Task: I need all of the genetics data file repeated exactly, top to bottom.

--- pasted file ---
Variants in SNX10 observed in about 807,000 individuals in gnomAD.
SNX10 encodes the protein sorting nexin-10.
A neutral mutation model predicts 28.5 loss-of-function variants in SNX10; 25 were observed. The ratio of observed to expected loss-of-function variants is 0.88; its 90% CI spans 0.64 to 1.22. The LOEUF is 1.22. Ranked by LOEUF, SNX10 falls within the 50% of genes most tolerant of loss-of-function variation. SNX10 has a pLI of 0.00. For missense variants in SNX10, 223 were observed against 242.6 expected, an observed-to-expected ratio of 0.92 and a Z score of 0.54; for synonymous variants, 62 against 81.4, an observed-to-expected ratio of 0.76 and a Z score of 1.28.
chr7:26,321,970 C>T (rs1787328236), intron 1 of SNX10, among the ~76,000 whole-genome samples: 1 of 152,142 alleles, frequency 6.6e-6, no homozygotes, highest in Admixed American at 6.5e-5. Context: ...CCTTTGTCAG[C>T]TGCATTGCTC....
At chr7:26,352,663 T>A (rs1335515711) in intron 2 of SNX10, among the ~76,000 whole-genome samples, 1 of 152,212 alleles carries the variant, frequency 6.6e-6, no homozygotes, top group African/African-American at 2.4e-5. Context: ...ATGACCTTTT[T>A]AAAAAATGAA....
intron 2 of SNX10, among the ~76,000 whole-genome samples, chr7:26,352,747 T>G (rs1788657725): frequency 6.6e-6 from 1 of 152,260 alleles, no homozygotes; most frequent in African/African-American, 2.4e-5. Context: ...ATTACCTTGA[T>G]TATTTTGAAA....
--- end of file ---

Variants in SNX10 observed in about 807,000 individuals in gnomAD.
SNX10 encodes the protein sorting nexin-10.
A neutral mutation model predicts 28.5 loss-of-function variants in SNX10; 25 were observed. The ratio of observed to expected loss-of-function variants is 0.88; its 90% CI spans 0.64 to 1.22. The LOEUF is 1.22. Ranked by LOEUF, SNX10 falls within the 50% of genes most tolerant of loss-of-function variation. SNX10 has a pLI of 0.00. For missense variants in SNX10, 223 were observed against 242.6 expected, an observed-to-expected ratio of 0.92 and a Z score of 0.54; for synonymous variants, 62 against 81.4, an observed-to-expected ratio of 0.76 and a Z score of 1.28.
chr7:26,321,970 C>T (rs1787328236), intron 1 of SNX10, among the ~76,000 whole-genome samples: 1 of 152,142 alleles, frequency 6.6e-6, no homozygotes, highest in Admixed American at 6.5e-5. Context: ...CCTTTGTCAG[C>T]TGCATTGCTC....
At chr7:26,352,663 T>A (rs1335515711) in intron 2 of SNX10, among the ~76,000 whole-genome samples, 1 of 152,212 alleles carries the variant, frequency 6.6e-6, no homozygotes, top group African/African-American at 2.4e-5. Context: ...ATGACCTTTT[T>A]AAAAAATGAA....
intron 2 of SNX10, among the ~76,000 whole-genome samples, chr7:26,352,747 T>G (rs1788657725): frequency 6.6e-6 from 1 of 152,260 alleles, no homozygotes; most frequent in African/African-American, 2.4e-5. Context: ...ATTACCTTGA[T>G]TATTTTGAAA....